“Mitch McConnell has a way of trying to bully us around and he thinks he can get his way, and if past is prologue… our caucus held together and each time he came back,” said Senate Minority Leader Chuck Schumer (D-N.Y.) after the vote. “The Republican Party sees the handwriting on the wall, they see what the American people feel.”
Prior to the vote, McConnell defended Scott’s proposal and accused Democrats of giving a “last-minute ultimatum” by turning “this routine step into a partisan impasse.”
McConnell also demurred when asked when he would bring the bill back up after Democrats filibustered it. “Well, we will let you know. It can be done under a motion to reconsider at any point,” he told reporters. McConnell took procedural steps to bring the bill up quickly on the floor anytime this year if he wants.
Senate Republicans argued that Wednesday’s vote was a way to begin the police reform debate and that the process would allow for consideration of amendments. Democrats said there’s no point in voting to advance a bill they see as fatally flawed and that won’t have the 60 votes needed to pass the Senate.
Instead, Democrats called on Republicans to come back to the negotiating table to come up with a bipartisan solution that the Senate could then vote on. The Senate minority is particularly frustrated that GOP leaders put the bill on the floor before holding any talks to craft the plan or consider it in committee.
Democrats say Scott’s bill is a non-starter, and highlighted opposition from key civil rights groups, including the NAACP Legal Defense and Educational Fund and the Leadership Conference on Civil and Human Rights.
President Donald Trump blamed Democrats for the bill’s failure Wednesday, saying they “don’t want to do it because they want to weaken our police.”
Following the vote, Sens. Cory Booker (D-N.J.) and Kamala Harris (D-Calif.) thanked the Democratic caucus for mostly staying united.
“It’s of note that there’s a great diversity within our caucus… but there was an incredible consensus around this issue,” Harris said. “Let the beginning be today of a real conversation where the United States Congress will do its job in meeting the moment, in responding to the demands of the people and doing what is well within our grasp, take us at least one step closer to that ideal of equal justice under the law.”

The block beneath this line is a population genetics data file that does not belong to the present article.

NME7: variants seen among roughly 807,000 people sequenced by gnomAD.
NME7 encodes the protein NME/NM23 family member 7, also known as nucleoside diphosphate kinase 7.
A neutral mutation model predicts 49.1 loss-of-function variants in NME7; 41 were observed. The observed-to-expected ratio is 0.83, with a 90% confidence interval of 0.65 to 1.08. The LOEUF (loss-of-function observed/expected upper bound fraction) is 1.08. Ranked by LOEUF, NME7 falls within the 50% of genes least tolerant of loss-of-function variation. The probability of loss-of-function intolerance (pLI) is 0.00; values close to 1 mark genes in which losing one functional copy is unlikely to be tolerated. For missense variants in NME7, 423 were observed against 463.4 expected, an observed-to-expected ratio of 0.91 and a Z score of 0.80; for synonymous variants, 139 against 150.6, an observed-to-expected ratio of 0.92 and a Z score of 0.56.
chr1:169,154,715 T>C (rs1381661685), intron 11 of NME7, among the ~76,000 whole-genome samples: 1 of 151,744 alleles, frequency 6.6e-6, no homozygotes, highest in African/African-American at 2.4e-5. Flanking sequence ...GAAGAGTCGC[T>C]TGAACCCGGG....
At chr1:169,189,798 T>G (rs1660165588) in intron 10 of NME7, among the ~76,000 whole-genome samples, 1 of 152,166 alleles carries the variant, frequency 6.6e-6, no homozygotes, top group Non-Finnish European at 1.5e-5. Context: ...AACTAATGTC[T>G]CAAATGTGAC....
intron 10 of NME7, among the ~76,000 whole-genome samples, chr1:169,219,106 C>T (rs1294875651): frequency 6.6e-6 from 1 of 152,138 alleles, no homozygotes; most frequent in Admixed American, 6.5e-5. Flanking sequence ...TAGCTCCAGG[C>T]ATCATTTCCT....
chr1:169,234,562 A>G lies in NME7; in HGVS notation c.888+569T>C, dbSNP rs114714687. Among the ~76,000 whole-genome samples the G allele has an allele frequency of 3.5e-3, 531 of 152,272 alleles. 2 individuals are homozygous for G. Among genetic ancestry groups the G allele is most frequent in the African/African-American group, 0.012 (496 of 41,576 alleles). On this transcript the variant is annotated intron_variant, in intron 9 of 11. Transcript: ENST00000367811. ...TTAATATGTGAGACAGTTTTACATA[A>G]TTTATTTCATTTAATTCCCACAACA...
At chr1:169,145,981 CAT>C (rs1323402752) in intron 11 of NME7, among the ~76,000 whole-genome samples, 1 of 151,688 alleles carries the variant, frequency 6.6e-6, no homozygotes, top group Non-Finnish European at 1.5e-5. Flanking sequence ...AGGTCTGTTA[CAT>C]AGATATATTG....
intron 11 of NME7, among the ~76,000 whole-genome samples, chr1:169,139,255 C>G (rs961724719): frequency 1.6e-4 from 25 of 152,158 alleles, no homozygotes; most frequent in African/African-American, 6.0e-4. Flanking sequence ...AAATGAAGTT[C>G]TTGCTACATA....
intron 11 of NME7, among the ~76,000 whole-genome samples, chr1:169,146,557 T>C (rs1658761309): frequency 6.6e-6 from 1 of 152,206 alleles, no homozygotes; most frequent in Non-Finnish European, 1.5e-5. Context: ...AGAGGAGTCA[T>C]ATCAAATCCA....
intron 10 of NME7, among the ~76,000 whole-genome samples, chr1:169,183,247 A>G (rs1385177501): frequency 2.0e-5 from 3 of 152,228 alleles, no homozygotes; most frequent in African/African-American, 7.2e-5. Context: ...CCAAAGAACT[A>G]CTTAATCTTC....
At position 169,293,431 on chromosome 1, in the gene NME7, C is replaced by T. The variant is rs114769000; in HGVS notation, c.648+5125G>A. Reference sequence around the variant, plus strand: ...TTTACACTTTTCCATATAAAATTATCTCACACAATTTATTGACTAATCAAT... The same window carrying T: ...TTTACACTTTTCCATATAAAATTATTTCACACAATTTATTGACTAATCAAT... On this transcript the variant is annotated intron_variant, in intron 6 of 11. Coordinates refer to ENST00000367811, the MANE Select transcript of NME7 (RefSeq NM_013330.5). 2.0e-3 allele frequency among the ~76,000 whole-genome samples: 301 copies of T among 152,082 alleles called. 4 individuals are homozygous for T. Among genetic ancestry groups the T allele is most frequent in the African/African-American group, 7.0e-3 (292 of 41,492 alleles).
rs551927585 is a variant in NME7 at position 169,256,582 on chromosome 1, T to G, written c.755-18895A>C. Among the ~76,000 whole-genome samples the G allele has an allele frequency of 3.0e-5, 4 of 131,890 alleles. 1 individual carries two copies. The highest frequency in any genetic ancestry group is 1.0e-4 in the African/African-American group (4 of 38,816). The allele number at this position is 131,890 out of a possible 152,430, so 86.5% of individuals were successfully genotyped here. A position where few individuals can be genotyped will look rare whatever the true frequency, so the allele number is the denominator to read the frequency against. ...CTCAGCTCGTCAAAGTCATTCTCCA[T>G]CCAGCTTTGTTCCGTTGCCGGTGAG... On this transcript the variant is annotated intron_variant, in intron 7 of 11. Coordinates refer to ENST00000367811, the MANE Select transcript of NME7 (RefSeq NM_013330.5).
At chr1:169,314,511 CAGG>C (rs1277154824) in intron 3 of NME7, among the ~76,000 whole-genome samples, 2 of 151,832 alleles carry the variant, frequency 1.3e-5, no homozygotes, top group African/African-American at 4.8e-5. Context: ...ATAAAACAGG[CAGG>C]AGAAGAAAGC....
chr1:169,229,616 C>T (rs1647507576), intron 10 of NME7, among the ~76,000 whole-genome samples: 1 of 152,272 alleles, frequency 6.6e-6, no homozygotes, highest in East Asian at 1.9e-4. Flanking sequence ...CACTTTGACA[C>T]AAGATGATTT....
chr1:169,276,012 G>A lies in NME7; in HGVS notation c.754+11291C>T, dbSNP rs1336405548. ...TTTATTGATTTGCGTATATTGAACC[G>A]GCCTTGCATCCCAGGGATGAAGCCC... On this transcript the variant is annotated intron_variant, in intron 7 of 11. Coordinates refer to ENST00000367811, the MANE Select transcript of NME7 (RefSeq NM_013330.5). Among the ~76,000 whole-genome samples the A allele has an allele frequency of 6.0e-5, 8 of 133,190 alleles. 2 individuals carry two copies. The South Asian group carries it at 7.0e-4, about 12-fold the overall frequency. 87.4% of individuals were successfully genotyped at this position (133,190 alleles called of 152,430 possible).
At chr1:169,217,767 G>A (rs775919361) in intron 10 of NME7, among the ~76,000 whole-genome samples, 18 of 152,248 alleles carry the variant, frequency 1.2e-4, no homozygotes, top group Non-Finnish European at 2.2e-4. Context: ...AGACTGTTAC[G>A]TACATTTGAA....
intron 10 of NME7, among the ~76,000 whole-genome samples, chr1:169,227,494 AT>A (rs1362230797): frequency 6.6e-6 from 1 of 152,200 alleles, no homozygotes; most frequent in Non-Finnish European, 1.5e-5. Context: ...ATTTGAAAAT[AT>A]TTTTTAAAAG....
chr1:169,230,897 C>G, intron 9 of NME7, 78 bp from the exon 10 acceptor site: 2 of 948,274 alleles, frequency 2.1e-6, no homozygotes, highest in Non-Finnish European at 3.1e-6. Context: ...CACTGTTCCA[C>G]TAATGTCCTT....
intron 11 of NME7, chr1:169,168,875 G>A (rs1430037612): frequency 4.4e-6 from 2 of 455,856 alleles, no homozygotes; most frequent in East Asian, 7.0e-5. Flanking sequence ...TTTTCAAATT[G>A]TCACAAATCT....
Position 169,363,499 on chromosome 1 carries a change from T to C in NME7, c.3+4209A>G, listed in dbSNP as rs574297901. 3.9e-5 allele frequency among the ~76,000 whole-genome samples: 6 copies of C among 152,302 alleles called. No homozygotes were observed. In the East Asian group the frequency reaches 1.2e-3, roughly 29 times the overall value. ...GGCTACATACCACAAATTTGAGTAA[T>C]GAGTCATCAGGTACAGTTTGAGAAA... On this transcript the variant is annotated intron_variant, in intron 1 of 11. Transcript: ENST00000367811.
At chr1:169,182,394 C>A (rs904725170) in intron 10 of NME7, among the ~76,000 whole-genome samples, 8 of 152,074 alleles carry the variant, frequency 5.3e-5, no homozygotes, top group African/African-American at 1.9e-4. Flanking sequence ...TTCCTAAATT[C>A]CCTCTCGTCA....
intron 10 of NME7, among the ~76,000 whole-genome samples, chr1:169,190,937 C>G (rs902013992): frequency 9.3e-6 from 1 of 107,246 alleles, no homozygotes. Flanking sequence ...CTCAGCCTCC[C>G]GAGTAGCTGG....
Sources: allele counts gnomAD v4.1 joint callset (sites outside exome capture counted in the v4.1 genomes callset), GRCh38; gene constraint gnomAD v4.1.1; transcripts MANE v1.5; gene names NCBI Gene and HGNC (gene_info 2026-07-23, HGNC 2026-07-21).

Manchin was one of the few Democrats to buck his party.
“I know there’s a lot of skepticism whether McConnell could actually have amendments,” Manchin said. “And we can vote however on proceeding from there, cloture and all that. If he doesn’t, we’ll [stop it], I’ve talked to Tim Scott, Booker and everybody. And I just said guys there are some things we agree on, we’re not that far apart.”
The GOP bill requires additional disclosures about the use of force, codifies reporting requirements on the use of “no knock warrants,” provides incentives for chokehold bans and makes lynching a federal crime.
The Democratic proposal, led in the Senate by Booker and Harris, would ban chokeholds and no knock warrants in federal drug cases. It would also limit qualified immunity for police officers to make it easier to sue police — something Democrats argue is key to holding police officers accountable for misconduct, but which most Republicans won’t consider. The House is set to pass a sweeping Democratic police reform proposal Thursday.
Senate Republicans are accusing Democrats of wanting to campaign on the issue and say that if they want to improve the bill, they can do so through the amendment process. In his floor remarks following the vote, which McConnell and other Senate colleagues stayed to watch, Scott chastised Democrats for being unwilling to compromise and emphasized that he told his Democratic colleagues the bill could be amended.
“We’re failing at politics,” Scott said. “The actual problem is not what is being offered. It is who is offering it. Took me a long time to figure out the most obvious thing in the room. It’s not the what. “
Burgess Everett contributed to this report.